It is generally recommended that a child visit a dentist by the age of one, or within six months after his or her first tooth comes in. The friendly dentists and staff at Howell & Everett, DDS are here to make the best ‘first impression’ when it comes to your child’s dental health.
What Happens at the First Dental Visit?
The first dental visit is usually short, and involves very little treatment. The visit gives your child an opportunity to meet the dentist in a non-threatening and friendly way. Some dentists may ask the parent to sit in the dental chair and hold their child during the examination. The parent may also be asked to wait in the reception area during part of the visit, so that a relationship can be built between your child and your dentist.
During the exam, your dentist will check all of your child’s existing teeth for decay, examine your child’s bite, and look for potential problems with the gums, jaw, and oral tissues. If indicated, the dentist or hygienist will clean any teeth and assess the need for fluoride. He or she will also educate parents about oral health care basics for children and discuss dental developmental issues and answer any questions.
Topics your dentist may discuss with you might include:
- Good oral hygiene practices for your child’s teeth and gums, along with cavity prevention
- Fluoride needs
- Oral habits, such as thumb-sucking, tongue thrusting, or lip sucking
- Developmental milestones
- Proper nutrition
- Schedule of dental checkups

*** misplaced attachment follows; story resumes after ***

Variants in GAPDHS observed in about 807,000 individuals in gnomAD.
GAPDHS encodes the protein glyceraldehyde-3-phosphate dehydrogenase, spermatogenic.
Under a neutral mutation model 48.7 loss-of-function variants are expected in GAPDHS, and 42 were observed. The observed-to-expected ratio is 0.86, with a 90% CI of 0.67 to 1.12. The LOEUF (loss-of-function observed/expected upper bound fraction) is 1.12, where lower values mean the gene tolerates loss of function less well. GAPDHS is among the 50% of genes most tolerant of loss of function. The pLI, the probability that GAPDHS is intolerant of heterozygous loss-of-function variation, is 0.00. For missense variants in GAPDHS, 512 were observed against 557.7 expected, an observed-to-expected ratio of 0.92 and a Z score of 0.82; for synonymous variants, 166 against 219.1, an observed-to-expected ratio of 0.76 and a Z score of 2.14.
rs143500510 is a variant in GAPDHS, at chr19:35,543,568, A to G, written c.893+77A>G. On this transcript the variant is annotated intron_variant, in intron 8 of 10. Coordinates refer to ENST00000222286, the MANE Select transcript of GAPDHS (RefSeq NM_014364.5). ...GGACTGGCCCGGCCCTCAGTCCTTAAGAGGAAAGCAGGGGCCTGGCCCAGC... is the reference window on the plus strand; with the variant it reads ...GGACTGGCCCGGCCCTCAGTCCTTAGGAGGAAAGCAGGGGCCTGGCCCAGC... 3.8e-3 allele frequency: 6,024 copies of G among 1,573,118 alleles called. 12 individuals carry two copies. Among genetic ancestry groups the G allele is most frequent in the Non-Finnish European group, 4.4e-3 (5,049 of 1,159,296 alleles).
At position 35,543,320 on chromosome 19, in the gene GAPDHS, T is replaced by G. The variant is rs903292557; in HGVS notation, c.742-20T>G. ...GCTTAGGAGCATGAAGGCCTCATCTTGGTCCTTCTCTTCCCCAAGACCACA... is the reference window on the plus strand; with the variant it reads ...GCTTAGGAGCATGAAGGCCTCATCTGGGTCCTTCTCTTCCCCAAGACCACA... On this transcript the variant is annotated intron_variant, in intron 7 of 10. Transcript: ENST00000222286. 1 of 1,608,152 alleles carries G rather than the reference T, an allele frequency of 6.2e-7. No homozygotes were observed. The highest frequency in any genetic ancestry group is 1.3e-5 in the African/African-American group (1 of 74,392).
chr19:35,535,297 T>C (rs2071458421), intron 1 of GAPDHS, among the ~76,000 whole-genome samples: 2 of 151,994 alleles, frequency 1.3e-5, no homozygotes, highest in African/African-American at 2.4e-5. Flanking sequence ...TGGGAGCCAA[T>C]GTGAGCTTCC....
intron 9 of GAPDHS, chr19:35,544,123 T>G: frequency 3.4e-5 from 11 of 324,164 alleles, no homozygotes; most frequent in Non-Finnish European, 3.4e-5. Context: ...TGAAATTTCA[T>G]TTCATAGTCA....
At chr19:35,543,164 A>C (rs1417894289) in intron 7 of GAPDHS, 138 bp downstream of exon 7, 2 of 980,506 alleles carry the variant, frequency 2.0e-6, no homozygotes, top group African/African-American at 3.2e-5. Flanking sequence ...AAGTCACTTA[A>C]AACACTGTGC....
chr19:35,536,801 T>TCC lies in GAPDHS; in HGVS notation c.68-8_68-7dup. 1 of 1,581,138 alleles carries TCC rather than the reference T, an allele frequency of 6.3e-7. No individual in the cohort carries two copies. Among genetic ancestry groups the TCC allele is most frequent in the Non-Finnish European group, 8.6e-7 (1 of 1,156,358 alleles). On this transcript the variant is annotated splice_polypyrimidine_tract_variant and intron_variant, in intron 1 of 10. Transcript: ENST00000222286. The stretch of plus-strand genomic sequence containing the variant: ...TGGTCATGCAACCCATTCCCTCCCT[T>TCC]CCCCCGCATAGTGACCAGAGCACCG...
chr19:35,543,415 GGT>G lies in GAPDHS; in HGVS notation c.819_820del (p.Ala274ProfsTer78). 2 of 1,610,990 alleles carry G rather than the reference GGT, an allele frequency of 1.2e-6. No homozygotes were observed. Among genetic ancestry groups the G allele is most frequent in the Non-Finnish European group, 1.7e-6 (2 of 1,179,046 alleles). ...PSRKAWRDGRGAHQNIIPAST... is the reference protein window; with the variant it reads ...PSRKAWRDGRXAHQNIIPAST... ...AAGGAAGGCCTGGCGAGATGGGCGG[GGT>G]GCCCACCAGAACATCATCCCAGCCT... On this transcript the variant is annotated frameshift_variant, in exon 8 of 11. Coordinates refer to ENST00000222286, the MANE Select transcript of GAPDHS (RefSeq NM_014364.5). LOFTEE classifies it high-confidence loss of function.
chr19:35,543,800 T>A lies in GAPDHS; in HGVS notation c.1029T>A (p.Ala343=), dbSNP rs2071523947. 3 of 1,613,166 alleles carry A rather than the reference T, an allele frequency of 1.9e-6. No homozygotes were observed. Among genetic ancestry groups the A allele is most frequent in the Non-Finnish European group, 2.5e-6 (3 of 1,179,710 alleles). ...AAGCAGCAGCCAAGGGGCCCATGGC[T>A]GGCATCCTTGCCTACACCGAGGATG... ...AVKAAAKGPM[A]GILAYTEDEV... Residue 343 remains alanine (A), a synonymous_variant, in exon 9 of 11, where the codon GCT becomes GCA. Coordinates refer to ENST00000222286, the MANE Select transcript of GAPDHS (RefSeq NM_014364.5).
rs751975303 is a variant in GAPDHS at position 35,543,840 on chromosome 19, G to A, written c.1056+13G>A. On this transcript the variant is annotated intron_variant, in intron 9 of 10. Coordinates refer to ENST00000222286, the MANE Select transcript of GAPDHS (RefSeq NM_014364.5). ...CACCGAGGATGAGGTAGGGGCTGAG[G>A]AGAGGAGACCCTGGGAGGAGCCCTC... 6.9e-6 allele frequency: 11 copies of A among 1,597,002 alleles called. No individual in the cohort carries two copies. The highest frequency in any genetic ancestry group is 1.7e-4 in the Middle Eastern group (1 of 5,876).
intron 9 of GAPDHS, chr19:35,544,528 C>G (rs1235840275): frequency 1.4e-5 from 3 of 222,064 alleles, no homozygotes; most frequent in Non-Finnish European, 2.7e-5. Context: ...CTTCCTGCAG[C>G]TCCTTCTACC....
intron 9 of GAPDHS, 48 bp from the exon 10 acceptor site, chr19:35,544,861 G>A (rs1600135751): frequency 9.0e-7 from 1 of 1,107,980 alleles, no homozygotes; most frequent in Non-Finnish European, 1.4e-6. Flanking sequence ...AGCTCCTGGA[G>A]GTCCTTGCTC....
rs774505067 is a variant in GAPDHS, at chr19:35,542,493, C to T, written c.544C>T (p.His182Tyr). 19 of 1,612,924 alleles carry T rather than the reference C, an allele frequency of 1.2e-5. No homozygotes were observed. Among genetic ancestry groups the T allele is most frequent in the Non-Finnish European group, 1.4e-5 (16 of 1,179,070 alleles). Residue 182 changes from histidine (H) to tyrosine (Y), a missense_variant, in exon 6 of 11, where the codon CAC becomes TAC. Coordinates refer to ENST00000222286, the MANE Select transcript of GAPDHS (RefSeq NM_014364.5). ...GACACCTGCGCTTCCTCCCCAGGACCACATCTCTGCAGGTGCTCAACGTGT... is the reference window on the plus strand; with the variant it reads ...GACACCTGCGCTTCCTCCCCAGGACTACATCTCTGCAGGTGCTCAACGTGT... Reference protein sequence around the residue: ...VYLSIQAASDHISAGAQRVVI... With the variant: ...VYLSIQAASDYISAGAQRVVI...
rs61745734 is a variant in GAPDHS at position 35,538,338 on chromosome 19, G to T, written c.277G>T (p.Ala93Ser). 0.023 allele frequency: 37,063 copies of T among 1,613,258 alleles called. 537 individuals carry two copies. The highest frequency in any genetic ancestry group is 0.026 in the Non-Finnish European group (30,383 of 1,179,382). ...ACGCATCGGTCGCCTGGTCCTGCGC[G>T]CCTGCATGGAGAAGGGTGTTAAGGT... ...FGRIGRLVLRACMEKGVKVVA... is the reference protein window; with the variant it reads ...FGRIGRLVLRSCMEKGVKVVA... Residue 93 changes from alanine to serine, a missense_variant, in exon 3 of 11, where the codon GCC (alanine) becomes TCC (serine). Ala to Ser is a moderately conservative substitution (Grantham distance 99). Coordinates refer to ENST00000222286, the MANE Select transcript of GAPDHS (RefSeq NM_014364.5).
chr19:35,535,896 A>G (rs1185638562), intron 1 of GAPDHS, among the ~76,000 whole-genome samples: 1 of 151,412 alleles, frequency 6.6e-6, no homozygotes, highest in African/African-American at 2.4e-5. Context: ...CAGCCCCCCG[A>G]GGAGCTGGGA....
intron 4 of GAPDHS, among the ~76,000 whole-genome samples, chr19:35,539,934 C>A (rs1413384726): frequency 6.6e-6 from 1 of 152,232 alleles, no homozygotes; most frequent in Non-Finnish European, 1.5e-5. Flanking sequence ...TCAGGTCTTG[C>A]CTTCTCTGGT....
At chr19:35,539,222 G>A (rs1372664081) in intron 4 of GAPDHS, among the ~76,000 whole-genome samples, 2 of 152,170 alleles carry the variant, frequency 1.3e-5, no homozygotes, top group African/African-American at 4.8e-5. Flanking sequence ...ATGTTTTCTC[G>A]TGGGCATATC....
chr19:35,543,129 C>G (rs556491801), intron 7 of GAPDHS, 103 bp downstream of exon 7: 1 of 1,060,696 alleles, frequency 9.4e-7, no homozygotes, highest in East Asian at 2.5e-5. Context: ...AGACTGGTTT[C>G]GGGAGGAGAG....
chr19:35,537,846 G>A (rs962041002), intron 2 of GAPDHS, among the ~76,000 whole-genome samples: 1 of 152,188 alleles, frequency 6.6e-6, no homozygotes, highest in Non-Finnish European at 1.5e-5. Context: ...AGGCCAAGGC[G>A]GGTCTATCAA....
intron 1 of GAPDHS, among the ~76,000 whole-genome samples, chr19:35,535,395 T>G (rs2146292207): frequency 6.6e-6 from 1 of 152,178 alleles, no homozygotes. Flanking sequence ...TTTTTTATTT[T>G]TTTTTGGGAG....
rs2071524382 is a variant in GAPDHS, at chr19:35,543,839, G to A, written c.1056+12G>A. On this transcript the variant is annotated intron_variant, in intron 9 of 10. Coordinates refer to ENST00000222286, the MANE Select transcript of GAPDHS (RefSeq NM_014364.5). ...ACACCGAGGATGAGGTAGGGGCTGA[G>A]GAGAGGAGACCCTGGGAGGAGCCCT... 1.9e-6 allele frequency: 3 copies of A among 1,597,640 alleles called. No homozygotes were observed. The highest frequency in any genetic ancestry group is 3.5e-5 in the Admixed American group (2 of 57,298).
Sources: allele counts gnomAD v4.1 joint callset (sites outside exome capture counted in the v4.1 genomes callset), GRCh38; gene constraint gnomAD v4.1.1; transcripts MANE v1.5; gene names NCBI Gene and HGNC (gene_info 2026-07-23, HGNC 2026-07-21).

What Types of Sedation are Used in Dentistry?
Many dentists like to see children every six months, to build up the child’s comfort and confidence level in visiting the dentist, to monitor the development of the teeth, and promptly treat any developing problems.
Note: You will be asked to complete medical and health information forms concerning the child during the first visit. Come prepared with the necessary information.
When Should Children Get Their First Dental X-Ray?
There are no rules for when to start dental x-rays. Some children who may be at higher risk for dental problems (for example, those prone to baby bottle tooth decay or those with cleft lip/palate), should have x-rays taken earlier than others. Usually, most children will have had x-rays taken by the age of five or six. As children begin to get their adult teeth around the age of six, x-rays play an important role in helping your dentist to see if all of the adult teeth are growing in the jaw, to look for bite problems, and to determine if teeth are clean and healthy.
You can trust the professionals at Howell & Everett, DDS, to provide the best quality pediatric care to your young one. Call our office today.